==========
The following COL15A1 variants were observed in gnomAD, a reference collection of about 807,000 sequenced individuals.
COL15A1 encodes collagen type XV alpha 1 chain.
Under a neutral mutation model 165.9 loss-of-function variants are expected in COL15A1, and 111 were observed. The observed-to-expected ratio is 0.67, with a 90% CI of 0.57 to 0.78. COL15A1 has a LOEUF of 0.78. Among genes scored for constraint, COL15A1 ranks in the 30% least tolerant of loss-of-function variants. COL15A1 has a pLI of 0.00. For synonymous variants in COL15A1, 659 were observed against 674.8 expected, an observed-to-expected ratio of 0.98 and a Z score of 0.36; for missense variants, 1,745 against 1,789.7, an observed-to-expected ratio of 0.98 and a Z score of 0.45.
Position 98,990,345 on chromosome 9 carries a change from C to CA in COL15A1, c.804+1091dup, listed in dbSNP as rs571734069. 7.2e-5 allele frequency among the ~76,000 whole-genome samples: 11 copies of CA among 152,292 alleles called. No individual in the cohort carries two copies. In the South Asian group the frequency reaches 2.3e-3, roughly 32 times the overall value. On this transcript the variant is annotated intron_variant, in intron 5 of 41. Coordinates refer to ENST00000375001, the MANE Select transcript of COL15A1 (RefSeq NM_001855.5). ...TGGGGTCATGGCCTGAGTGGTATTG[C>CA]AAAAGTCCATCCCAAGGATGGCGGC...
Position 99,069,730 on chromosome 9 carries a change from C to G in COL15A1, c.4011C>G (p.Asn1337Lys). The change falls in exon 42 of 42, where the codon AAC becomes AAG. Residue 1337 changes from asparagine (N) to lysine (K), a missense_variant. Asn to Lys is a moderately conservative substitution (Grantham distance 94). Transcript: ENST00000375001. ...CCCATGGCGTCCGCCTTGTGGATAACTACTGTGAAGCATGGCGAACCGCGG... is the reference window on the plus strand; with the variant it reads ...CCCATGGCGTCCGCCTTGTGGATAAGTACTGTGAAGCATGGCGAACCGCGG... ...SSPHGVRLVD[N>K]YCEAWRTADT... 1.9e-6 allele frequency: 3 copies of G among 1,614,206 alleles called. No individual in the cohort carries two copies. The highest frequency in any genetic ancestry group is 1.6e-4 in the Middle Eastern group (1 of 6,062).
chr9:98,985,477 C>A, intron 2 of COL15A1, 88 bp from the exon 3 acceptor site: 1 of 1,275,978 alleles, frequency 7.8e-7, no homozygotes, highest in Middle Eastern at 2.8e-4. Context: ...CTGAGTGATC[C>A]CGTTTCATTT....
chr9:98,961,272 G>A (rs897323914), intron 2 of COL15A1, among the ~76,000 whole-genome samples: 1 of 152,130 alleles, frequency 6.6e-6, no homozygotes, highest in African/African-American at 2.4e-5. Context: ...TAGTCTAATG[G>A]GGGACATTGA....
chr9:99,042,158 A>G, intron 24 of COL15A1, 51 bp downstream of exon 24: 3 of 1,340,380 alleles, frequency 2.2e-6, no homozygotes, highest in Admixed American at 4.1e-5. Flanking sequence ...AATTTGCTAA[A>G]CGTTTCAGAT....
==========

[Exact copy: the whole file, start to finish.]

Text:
The following COL15A1 variants were observed in gnomAD, a reference collection of about 807,000 sequenced individuals.
COL15A1 encodes collagen type XV alpha 1 chain.
Under a neutral mutation model 165.9 loss-of-function variants are expected in COL15A1, and 111 were observed. The observed-to-expected ratio is 0.67, with a 90% CI of 0.57 to 0.78. COL15A1 has a LOEUF of 0.78. Among genes scored for constraint, COL15A1 ranks in the 30% least tolerant of loss-of-function variants. COL15A1 has a pLI of 0.00. For synonymous variants in COL15A1, 659 were observed against 674.8 expected, an observed-to-expected ratio of 0.98 and a Z score of 0.36; for missense variants, 1,745 against 1,789.7, an observed-to-expected ratio of 0.98 and a Z score of 0.45.
Position 98,990,345 on chromosome 9 carries a change from C to CA in COL15A1, c.804+1091dup, listed in dbSNP as rs571734069. 7.2e-5 allele frequency among the ~76,000 whole-genome samples: 11 copies of CA among 152,292 alleles called. No individual in the cohort carries two copies. In the South Asian group the frequency reaches 2.3e-3, roughly 32 times the overall value. On this transcript the variant is annotated intron_variant, in intron 5 of 41. Coordinates refer to ENST00000375001, the MANE Select transcript of COL15A1 (RefSeq NM_001855.5). ...TGGGGTCATGGCCTGAGTGGTATTG[C>CA]AAAAGTCCATCCCAAGGATGGCGGC...
Position 99,069,730 on chromosome 9 carries a change from C to G in COL15A1, c.4011C>G (p.Asn1337Lys). The change falls in exon 42 of 42, where the codon AAC becomes AAG. Residue 1337 changes from asparagine (N) to lysine (K), a missense_variant. Asn to Lys is a moderately conservative substitution (Grantham distance 94). Transcript: ENST00000375001. ...CCCATGGCGTCCGCCTTGTGGATAACTACTGTGAAGCATGGCGAACCGCGG... is the reference window on the plus strand; with the variant it reads ...CCCATGGCGTCCGCCTTGTGGATAAGTACTGTGAAGCATGGCGAACCGCGG... ...SSPHGVRLVD[N>K]YCEAWRTADT... 1.9e-6 allele frequency: 3 copies of G among 1,614,206 alleles called. No individual in the cohort carries two copies. The highest frequency in any genetic ancestry group is 1.6e-4 in the Middle Eastern group (1 of 6,062).
chr9:98,985,477 C>A, intron 2 of COL15A1, 88 bp from the exon 3 acceptor site: 1 of 1,275,978 alleles, frequency 7.8e-7, no homozygotes, highest in Middle Eastern at 2.8e-4. Context: ...CTGAGTGATC[C>A]CGTTTCATTT....
chr9:98,961,272 G>A (rs897323914), intron 2 of COL15A1, among the ~76,000 whole-genome samples: 1 of 152,130 alleles, frequency 6.6e-6, no homozygotes, highest in African/African-American at 2.4e-5. Context: ...TAGTCTAATG[G>A]GGGACATTGA....
chr9:99,042,158 A>G, intron 24 of COL15A1, 51 bp downstream of exon 24: 3 of 1,340,380 alleles, frequency 2.2e-6, no homozygotes, highest in Admixed American at 4.1e-5. Flanking sequence ...AATTTGCTAA[A>G]CGTTTCAGAT....